Los Angeles Fair Work Week Ordinance Passes

By Kris Janisch
Published Feb. 10, 2023

Los Angeles Fair Work Week

Large companies that have retail stores in California should educate location managers and others about the requirements of the Los Angeles Fair Work Week Ordinance, as well as others in the state.

The Los Angeles Fair Work Week ordinance was recently signed by the mayor, which means large retail employers in the city must soon comply with its regulations.

In late November 2022, the city council unanimously approved a Los Angeles predictive scheduling ordinance. It is now law. And it goes into effect April 1, 2023.

While it is somewhat broader than other similar laws across the U.S., the Los Angeles Fair Work Week ordinance follows a familiar formula:

  • Advance notice of work schedules
  • Extra pay to employees for schedule changes
  • Rest periods between shifts, unless agreed to otherwise
  • Allowing existing employees to take hours before hiring on new help

Also, a labor law poster is required to be displayed. The Los Angeles Fair Work Week poster was recently released.

Los Angeles Fair Workweek Ordinance

Firstly, the Los Angeles Fair Work Week ordinance applies to retail employers that have 300 or more employees globally.

Fundamentally, employers must provide workers with their schedules at least 14 calendar days before the start of the work period. This information can be given by:

  • Posting the schedule in a conspicuous and accessible location where such notices are generally displayed
  • Sending the schedule via electronic means or “another manner reasonably calculated to provide actual notice to each employee”

The ordinance covers most workers at larger retail companies in Los Angeles — those who work at least two hours within the geographic boundaries of the city.

Importantly, employers must provide a written good-faith estimate of hours before hiring an employee, as well as within 10 days of an employee’s request.

Employees have the right to request a preference for certain hours, times or locations of work. Employers may accept or decline the request, so long as they notify the employee in writing of the reason for any denial.

Other Details Under the Los Angeles Fair Work Week Ordinance

As might be expected, there are several other details of the ordinance for employers to note:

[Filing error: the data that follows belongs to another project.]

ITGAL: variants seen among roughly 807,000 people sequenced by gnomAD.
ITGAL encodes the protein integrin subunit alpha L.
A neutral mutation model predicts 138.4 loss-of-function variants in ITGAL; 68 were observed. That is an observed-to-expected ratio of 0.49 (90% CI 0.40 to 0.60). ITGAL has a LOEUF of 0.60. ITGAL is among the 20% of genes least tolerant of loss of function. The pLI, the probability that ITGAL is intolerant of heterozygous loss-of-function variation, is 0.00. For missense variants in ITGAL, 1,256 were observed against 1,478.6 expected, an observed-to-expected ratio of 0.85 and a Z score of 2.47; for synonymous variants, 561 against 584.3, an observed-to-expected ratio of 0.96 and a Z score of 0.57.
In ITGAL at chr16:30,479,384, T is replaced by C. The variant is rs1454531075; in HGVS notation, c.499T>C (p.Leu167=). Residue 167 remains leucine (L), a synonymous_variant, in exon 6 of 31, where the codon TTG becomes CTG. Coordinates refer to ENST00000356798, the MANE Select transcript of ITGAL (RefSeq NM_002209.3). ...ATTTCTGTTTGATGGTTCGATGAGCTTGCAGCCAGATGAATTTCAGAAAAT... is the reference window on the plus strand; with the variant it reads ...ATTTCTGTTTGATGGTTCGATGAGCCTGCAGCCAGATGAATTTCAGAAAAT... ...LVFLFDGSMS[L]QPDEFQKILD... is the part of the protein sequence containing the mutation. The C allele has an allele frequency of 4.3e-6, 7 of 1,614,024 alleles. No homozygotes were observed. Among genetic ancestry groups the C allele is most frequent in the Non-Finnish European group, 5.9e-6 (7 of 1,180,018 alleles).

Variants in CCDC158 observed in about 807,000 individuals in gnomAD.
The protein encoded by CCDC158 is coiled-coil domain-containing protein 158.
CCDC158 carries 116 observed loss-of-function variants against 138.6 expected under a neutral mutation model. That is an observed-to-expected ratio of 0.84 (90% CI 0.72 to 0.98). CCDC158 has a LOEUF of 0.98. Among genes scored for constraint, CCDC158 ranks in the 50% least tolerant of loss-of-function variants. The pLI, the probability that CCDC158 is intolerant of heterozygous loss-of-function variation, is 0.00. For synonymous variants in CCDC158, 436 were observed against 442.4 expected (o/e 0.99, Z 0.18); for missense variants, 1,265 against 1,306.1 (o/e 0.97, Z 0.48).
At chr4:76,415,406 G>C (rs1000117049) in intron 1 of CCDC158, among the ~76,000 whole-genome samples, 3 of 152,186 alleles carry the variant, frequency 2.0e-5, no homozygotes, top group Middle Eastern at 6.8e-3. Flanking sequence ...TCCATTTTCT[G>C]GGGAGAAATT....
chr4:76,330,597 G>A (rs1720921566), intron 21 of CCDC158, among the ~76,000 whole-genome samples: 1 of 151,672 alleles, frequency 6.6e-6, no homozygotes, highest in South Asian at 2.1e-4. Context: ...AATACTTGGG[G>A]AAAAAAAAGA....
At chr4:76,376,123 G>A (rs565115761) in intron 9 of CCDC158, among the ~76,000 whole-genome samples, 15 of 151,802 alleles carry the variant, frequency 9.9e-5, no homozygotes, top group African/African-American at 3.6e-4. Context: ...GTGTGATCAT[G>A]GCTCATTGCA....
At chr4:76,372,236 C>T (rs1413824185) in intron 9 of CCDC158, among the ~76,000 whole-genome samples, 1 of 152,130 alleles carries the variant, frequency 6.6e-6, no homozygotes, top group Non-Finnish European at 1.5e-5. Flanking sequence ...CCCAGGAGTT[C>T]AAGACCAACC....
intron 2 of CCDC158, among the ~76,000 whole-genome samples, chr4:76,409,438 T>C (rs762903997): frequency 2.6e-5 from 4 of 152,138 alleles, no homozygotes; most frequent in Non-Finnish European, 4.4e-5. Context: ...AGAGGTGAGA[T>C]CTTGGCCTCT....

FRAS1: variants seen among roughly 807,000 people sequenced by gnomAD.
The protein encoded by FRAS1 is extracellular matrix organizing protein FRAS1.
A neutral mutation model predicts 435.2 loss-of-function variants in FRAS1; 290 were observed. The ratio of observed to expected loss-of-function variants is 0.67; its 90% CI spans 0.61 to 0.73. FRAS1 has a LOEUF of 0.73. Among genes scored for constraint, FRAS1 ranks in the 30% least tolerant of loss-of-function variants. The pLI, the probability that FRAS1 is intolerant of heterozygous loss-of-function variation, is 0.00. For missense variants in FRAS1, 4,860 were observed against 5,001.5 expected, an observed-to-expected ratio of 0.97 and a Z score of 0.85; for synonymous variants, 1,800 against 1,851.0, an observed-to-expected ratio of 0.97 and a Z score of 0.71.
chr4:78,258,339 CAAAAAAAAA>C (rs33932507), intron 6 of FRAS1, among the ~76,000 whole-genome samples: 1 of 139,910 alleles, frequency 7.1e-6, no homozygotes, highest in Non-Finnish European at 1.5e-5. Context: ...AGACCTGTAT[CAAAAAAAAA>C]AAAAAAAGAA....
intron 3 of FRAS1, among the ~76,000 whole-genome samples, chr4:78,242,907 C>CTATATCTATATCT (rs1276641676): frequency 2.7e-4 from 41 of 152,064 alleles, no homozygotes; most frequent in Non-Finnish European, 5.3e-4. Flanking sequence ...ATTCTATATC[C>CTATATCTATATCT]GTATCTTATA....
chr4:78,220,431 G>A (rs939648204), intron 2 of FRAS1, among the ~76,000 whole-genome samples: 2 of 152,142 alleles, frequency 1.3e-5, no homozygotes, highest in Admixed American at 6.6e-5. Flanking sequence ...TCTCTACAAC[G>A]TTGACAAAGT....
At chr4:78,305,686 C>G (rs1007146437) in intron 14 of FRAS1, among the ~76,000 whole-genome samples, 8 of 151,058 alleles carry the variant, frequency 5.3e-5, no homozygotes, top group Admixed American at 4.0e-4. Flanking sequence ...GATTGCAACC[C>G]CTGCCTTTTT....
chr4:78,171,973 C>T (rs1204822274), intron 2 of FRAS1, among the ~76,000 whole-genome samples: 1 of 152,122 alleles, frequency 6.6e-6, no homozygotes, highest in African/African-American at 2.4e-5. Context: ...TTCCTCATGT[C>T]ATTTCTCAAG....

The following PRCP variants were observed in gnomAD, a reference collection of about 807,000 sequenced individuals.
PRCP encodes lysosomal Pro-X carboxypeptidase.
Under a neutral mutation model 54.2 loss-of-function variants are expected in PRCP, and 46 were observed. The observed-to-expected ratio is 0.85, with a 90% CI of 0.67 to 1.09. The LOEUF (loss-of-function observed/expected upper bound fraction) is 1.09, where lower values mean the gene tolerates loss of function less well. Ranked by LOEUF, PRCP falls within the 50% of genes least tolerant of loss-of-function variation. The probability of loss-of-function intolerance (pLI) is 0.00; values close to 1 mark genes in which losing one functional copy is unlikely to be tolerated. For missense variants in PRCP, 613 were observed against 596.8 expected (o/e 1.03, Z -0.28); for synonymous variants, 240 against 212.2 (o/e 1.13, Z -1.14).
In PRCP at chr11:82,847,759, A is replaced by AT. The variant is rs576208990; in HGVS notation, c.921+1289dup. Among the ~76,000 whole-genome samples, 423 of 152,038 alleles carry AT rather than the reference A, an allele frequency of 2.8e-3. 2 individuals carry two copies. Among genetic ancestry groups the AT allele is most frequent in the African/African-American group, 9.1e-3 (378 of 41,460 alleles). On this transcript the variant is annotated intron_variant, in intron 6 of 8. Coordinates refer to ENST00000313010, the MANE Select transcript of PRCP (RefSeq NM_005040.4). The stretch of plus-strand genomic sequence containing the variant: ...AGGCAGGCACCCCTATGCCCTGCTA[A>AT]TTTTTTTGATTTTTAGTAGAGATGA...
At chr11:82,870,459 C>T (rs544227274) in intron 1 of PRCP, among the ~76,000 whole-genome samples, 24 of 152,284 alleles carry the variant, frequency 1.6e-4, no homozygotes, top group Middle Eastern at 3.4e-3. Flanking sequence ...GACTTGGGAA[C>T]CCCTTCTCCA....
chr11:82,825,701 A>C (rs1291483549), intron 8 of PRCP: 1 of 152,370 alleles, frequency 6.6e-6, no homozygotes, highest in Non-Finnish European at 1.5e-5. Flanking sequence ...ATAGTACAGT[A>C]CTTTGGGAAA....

• Additional hours must be offered to existing employees before hiring new workers
  • Employers must provide “premium” pay (California Labor Code Section 510) for schedule changes, though there are exceptions
  • Employers can’t require employees to find someone to cover their shift if they can’t make it for a lawfully protected reason
  • Employees must be given at least 10 hours of rest between shifts (unless the employee agrees in writing to work without the rest period)
  • Employers can face fines for noncompliance

Read the full ordinance for further details.

Predictive Scheduling Laws

There was a time a few years ago when predictive scheduling laws, often also called fair workweek legislation, were gaining momentum.

Since then, there has been a greater push from lawmakers to craft other types of laws, notably minimum wage and paid leave legislation, bills related to the #MeToo movement, pay transparency and more.

Still, the decision from the Los Angeles City Council demonstrates that employers cannot overlook the myriad types of new laws impacting large employers. And, as is often the case, these laws and others require employers to display an updated labor law poster.

Outside of Los Angeles, several other jurisdictions have predictive scheduling or fair workweek laws. Among them:

  • Chicago
  • Berkeley, San Francisco and Emeryville, Calif.
  • New York City
  • Oregon
  • Philadelphia
  • Seattle

Employers, especially those in the retail industry, should review the jurisdictions where they have locations to ensure compliance with predictive scheduling and fair workweek laws.


Ah, spring. Shoppers out getting new wardrobes, people enjoying the weather… and employers with a potentially larger and more unwieldly workforce.

Large companies that have retail stores in California should educate location managers and others about the requirements of the Los Angeles Fair Work Week Ordinance, as well as others in the state.

As a reminder, the Los Angeles Fair Work Week ordinance goes into effect April 1, 2023.

This Employment Law News blog is intended for market awareness only, it is not to be used for legal advice or counsel.

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